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Personal Bio of Linda Kinney

I was born in Abilene, Texas, the second of four children and only girl in a military family. We were a very close lot, all born within six years. My dad had graduated high school only to go directly into the CCC's (Civilian Conservation Corps) along with Carl, one of his 7 brothers. They were assigned to Bolder, Colorado and helped in the construction of Red Rock National Ampitheater. In 1942, World War II broke out and the members CCC became part of U.S. Army. He laughed when he told the story. He said he was digging a ditch with many other men. An officer came by and said, "We are asking for volunteers to start a new branch of the military. It is called Army Air Corps." (This would eventually become Air Force). He said, "I'll do anything to get out of this ditch!" After the war he and my uncle Carl were discharged into civilian life. They started a dry cleaning business down the street for the cafe where my mom worked in Abilene, Texas. This was how they met and soon married. After two children, they decided it best to take advantage of the opportunity of re-enlisting within the allotted time period without loosing any rank. I was 3 months old. Mom had never traveled more than 150 miles from Abilene when Dad took his first assignment at Merced Air Force Base, California. This was the beginning of a long military career. All four of their children agree that we were very fortunate to have been raised in the military. In all those years growing up Dad was only separated from his family one year when he went to Goose Bay, Labrador, Canada. We lived or traveled through every state except Florida and Hawaii. 


Just after Alaska became a state in 1959, we were transferred to Eielson Air Force Base, about 50 miles south of Fairbanks, Alaska where we lived for 5 years. I have many memories of living there. These experiences have inspired much of my painting. During these formative years my family did a lot of camping and searching out the opportunities available to us in nature. This was before the discovery of oil at Prudhoe Bay on the North Slope. It was truly like living in another time, pure wilderness. Some of my personal experiences include seeing the Northern Lights, visiting an operational gold dredging machine at Cripple Creek, and sliding down hills of gravel/sand residue left by the monster as it passed slowly gathering gold. All my brothers and each had a daily newspaper route and delivered them for 4 years in winter temperatures as cold as 50 and 60 degrees below zero (dressed appropriately, of course). I rode an old steam engine train at the age of 14 without parental supervision from Anchorage to Fairbanks, a distance of 360 miles through Mt. McKinley National Park. It is now renamed Denali National Park. I ‘snagged’ salmon as they came upstream to spawn at Hope, Alaska. One year we drove the only road north to Circle City, the end of the road at the Yukon River. We cooked by open campfire, and ate as we watched the midnight sun. It does not touch the horizon for 12 days. It is a natural phenomenon that occurs in the summer months around the summer solstice, approximately June 21 in the Northern Hemisphere and December 22 in the Southern Hemisphere. That was an amazing experience. When I was 12, a cow moose and I surprised each other as I was sledding. I abruptly stopped as she came over to me and sniffed, then strolled away. My parents didn't believe me until the next day when there was an article in the newspaper about the moose who got lost in town. I have walked through fields of fresh snow untouched by any human or animal, as the light from the street lights made it appear as though I was walking on diamonds.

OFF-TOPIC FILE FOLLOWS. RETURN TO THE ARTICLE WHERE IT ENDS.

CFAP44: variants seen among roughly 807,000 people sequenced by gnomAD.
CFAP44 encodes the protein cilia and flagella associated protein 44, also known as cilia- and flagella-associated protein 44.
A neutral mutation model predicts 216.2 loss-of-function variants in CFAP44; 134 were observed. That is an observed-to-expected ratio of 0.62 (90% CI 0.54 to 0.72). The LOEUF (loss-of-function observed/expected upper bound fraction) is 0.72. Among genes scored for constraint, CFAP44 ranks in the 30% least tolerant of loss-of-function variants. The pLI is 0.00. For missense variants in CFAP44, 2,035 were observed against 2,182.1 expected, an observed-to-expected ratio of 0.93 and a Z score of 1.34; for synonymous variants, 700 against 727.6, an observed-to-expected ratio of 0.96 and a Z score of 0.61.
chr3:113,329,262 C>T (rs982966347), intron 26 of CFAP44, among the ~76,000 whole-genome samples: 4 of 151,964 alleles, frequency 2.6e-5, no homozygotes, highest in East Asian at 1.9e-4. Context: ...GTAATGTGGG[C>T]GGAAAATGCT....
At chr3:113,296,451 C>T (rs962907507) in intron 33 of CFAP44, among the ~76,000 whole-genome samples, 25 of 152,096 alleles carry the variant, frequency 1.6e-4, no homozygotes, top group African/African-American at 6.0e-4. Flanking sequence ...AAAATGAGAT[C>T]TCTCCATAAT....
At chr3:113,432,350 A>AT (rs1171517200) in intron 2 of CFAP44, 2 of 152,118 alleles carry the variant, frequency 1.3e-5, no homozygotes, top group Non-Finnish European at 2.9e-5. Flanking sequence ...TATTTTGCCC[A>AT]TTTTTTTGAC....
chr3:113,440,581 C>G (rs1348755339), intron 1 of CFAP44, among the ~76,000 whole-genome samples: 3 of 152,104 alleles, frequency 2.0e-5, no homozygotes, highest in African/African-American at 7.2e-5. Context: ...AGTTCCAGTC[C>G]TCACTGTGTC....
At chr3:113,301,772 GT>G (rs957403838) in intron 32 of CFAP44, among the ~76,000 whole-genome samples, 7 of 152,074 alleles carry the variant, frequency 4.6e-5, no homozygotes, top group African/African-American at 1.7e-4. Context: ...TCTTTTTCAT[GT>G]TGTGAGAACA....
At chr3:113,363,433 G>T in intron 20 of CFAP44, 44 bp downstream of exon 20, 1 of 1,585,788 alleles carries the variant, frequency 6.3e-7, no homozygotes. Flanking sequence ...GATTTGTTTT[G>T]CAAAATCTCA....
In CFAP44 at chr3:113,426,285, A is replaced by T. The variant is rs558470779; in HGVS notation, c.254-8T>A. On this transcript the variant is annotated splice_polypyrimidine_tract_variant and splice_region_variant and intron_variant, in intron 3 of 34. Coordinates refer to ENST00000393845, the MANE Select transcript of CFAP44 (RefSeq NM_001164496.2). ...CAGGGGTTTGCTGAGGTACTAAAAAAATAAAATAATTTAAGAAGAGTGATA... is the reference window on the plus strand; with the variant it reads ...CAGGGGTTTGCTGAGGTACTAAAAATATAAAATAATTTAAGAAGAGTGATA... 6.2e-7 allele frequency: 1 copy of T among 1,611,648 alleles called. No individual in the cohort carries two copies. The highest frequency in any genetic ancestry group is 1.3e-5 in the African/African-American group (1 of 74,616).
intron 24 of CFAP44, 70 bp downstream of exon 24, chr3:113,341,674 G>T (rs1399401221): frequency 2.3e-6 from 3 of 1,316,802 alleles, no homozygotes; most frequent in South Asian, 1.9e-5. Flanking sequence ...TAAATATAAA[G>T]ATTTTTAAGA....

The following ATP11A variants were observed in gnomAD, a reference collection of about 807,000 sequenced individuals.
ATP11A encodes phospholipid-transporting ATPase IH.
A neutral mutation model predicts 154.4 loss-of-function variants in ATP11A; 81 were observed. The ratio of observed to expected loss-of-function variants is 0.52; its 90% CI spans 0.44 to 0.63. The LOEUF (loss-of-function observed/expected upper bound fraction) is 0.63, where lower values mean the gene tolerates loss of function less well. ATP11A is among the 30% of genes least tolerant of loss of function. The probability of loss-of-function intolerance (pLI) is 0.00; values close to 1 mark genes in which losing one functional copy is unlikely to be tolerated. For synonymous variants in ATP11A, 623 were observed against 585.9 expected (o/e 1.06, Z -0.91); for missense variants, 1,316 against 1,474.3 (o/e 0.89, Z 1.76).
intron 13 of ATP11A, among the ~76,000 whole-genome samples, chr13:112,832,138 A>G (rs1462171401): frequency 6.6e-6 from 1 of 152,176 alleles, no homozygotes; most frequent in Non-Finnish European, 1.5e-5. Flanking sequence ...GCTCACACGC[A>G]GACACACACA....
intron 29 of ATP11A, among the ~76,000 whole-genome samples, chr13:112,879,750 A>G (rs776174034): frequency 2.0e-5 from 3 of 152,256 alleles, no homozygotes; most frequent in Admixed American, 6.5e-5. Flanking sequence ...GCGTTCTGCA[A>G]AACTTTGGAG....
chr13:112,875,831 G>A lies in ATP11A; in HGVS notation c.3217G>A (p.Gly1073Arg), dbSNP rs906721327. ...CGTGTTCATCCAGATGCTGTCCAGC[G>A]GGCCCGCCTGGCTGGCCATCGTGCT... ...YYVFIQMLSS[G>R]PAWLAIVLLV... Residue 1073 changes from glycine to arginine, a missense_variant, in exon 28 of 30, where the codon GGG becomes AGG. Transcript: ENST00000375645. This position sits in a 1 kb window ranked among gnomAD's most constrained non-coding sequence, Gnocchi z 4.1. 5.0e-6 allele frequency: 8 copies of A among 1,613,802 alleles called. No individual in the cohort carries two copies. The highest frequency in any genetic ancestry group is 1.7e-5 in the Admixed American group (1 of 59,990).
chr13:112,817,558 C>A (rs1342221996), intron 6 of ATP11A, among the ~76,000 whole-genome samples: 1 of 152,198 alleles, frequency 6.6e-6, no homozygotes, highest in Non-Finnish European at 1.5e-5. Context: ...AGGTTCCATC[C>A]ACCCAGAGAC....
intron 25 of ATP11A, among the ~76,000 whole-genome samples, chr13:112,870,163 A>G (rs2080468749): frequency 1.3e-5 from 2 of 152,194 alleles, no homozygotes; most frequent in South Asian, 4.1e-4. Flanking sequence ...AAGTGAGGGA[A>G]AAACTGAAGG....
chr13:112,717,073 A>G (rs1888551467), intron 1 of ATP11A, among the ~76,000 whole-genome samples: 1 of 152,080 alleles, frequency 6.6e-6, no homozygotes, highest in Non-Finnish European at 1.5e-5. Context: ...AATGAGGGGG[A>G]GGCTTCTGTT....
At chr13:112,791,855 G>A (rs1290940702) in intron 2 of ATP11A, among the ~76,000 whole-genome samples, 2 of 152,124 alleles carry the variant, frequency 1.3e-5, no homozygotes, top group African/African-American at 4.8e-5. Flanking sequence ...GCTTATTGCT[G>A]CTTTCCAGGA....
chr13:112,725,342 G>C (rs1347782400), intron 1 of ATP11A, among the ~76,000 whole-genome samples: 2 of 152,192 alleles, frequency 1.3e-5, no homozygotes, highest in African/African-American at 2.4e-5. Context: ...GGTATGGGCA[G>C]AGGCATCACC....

During those years growing up my family also lived in California, Kansas, Texas and Delaware. I have a large family and we love our time together talking about our unique episodes of life. These experiences have given me a love of sharing, bringing joy and laughter, as memories should do.